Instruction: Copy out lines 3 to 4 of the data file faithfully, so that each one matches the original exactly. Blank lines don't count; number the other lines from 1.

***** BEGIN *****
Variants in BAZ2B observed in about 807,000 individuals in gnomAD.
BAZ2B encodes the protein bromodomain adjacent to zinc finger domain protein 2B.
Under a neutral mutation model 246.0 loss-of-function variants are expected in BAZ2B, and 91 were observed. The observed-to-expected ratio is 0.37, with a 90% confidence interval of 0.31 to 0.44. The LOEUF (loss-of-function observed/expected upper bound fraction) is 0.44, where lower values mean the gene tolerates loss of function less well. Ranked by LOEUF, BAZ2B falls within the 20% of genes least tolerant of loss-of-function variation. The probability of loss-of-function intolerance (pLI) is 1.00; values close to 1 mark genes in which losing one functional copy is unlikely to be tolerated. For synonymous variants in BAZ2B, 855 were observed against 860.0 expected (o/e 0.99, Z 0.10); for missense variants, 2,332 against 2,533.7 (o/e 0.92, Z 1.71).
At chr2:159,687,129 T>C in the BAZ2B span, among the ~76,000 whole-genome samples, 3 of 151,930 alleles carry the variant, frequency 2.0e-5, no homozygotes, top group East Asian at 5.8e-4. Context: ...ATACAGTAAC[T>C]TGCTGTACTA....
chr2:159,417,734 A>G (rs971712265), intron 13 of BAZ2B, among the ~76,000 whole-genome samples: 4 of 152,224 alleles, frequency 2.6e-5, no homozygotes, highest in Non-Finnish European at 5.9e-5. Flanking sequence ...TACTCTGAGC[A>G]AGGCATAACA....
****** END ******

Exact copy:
Under a neutral mutation model 246.0 loss-of-function variants are expected in BAZ2B, and 91 were observed. The observed-to-expected ratio is 0.37, with a 90% confidence interval of 0.31 to 0.44. The LOEUF (loss-of-function observed/expected upper bound fraction) is 0.44, where lower values mean the gene tolerates loss of function less well. Ranked by LOEUF, BAZ2B falls within the 20% of genes least tolerant of loss-of-function variation. The probability of loss-of-function intolerance (pLI) is 1.00; values close to 1 mark genes in which losing one functional copy is unlikely to be tolerated. For synonymous variants in BAZ2B, 855 were observed against 860.0 expected (o/e 0.99, Z 0.10); for missense variants, 2,332 against 2,533.7 (o/e 0.92, Z 1.71).
At chr2:159,687,129 T>C in the BAZ2B span, among the ~76,000 whole-genome samples, 3 of 151,930 alleles carry the variant, frequency 2.0e-5, no homozygotes, top group East Asian at 5.8e-4. Context: ...ATACAGTAAC[T>C]TGCTGTACTA....